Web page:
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Verse 4. Purse—scrip—shoes. See Barnes on "Mt 10:10".


Salute no man by the way. Salutations among the Orientals did not consist, as among us, of a slight bow or an extension of the hand, but was performed by many embraces and inclinations, and even prostrations of the body on the ground. All this required much time; and as the business on which the seventy were sent was urgent, they were required not to delay their journey by long and formal salutations of the persons whom they met.

"If two Arabs of equal rank meet each other, they extend

to each other the right hand, and having clasped,

they elevate them as if to kiss them. Each one then

draws back his hand and kisses it instead of his friend's,

and then places it upon his forehead. The parties then

continue the salutation by kissing each other's beard.

They give thanks to God that they are once more

permitted to see their friend—they pray to the Almighty

in his behalf. Sometimes they repeat not less than ten

times the ceremony of grasping hands and kissing."


It may also be added, in the language of Dr. Thomson (The Land and the Book, vol. i. p. 534), that

"there is such an amount of insincerity, flattery, and

falsehood in the terms of salutation prescribed by

etiquette, that our Lord, who is truth itself, desired

his representatives to dispense with them as far as

possible, perhaps tacitly to rebuke them. These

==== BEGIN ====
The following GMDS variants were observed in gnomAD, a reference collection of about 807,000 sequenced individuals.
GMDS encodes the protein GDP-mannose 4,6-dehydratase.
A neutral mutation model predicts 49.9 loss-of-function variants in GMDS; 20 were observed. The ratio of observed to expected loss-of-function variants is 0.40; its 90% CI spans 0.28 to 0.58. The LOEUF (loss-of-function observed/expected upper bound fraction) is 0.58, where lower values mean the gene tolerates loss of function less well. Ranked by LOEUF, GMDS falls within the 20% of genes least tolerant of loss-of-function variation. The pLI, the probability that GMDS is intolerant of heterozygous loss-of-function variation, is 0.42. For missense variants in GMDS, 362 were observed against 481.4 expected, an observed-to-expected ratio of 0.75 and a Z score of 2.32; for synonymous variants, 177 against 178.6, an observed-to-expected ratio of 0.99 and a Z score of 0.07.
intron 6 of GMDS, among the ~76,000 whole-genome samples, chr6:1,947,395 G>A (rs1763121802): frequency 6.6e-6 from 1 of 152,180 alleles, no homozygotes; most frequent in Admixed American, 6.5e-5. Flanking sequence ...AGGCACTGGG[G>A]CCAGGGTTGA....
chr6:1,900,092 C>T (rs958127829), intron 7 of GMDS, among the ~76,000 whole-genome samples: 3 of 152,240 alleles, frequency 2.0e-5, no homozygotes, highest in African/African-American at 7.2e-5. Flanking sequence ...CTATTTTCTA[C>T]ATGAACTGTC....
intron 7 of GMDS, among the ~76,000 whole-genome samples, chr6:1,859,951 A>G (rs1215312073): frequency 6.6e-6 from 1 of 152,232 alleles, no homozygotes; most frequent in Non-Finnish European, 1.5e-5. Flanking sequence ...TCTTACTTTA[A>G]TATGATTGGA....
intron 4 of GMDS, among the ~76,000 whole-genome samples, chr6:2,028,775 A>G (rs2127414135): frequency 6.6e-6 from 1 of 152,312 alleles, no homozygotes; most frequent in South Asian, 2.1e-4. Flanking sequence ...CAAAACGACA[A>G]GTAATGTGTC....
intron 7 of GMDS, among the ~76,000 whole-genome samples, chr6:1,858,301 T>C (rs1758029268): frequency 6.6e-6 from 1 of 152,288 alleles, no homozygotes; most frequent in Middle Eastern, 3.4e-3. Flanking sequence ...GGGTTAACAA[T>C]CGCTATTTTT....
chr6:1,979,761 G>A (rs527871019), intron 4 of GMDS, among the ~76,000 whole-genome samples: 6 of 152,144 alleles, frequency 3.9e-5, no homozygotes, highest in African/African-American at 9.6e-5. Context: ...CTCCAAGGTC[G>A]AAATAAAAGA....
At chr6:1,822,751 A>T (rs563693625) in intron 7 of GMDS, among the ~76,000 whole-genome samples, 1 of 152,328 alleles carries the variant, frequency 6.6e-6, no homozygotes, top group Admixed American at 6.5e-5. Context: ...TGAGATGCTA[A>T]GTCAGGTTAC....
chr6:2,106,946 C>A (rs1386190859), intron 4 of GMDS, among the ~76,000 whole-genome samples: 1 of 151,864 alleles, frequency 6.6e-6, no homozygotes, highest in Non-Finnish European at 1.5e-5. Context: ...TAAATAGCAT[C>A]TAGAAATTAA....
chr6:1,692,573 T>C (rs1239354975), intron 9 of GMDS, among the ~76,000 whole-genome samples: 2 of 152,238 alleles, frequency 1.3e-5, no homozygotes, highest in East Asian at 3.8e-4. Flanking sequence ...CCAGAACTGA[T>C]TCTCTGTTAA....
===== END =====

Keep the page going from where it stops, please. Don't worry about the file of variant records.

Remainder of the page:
'instructions' were also intended to reprove another

propensity which an Oriental can scarcely resist, no

matter how urgent his business. If he meets an

acquaintance, he must stop and make an endless number

of inquiries and answer as many. If they come upon men

making a bargain or discussing any other matter,

they must pause and intrude their own ideas, and enter

keenly into the business, though it in no wise concerns

them; and more especially, an Oriental can never resist

the temptation to assist where accounts are being settled

or money counted out. The clink of coin has a positive

fascination to them. Now the command of our Saviour

strictly forbade all such loiterings. They would

waste time, distract attention, and in many ways hinder

the prompt and faithful discharge of their important


The salutation of friends, therefore, was a ceremony which consumed much time; and it was on this account that our Lord on this occasion forbade them to delay their journey to greet others. A similar direction is found in 2 Ki 4:29.

{d} "Carry neither" Lu 9:3 {e} "salute no man" Ge 24:33,56; 2 Ki 4:29; Pr 4:25

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